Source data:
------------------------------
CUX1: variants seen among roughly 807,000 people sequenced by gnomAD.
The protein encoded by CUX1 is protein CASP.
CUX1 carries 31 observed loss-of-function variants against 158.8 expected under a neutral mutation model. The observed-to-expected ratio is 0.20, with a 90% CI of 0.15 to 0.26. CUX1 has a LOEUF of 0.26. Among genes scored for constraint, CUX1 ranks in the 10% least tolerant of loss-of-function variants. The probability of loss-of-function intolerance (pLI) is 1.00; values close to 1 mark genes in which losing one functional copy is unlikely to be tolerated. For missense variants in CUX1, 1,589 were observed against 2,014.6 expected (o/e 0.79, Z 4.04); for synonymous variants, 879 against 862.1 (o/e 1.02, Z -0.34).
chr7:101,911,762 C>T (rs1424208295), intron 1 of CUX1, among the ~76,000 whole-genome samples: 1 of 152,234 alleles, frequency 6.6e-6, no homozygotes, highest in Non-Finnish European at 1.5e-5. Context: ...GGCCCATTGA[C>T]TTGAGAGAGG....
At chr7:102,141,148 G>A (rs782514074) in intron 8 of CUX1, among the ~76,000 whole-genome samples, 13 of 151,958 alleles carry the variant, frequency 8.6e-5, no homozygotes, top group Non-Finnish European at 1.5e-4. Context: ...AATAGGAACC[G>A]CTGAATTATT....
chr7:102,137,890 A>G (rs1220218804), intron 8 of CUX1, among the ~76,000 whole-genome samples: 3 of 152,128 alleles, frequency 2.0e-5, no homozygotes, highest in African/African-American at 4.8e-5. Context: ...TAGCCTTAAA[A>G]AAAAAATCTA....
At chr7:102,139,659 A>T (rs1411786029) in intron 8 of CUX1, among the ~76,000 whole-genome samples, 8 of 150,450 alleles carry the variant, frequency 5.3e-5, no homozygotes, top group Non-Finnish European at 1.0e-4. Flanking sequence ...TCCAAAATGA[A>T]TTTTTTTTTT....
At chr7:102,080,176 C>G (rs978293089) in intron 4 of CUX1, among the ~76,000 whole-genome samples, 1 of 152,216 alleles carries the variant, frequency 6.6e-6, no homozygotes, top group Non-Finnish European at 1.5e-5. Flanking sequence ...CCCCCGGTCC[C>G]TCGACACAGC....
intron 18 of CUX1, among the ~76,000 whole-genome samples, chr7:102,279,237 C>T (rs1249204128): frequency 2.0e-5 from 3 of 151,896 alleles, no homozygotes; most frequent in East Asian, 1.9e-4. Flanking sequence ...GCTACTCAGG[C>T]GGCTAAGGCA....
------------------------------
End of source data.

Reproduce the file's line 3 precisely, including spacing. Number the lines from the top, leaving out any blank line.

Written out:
CUX1 carries 31 observed loss-of-function variants against 158.8 expected under a neutral mutation model. The observed-to-expected ratio is 0.20, with a 90% CI of 0.15 to 0.26. CUX1 has a LOEUF of 0.26. Among genes scored for constraint, CUX1 ranks in the 10% least tolerant of loss-of-function variants. The probability of loss-of-function intolerance (pLI) is 1.00; values close to 1 mark genes in which losing one functional copy is unlikely to be tolerated. For missense variants in CUX1, 1,589 were observed against 2,014.6 expected (o/e 0.79, Z 4.04); for synonymous variants, 879 against 862.1 (o/e 1.02, Z -0.34).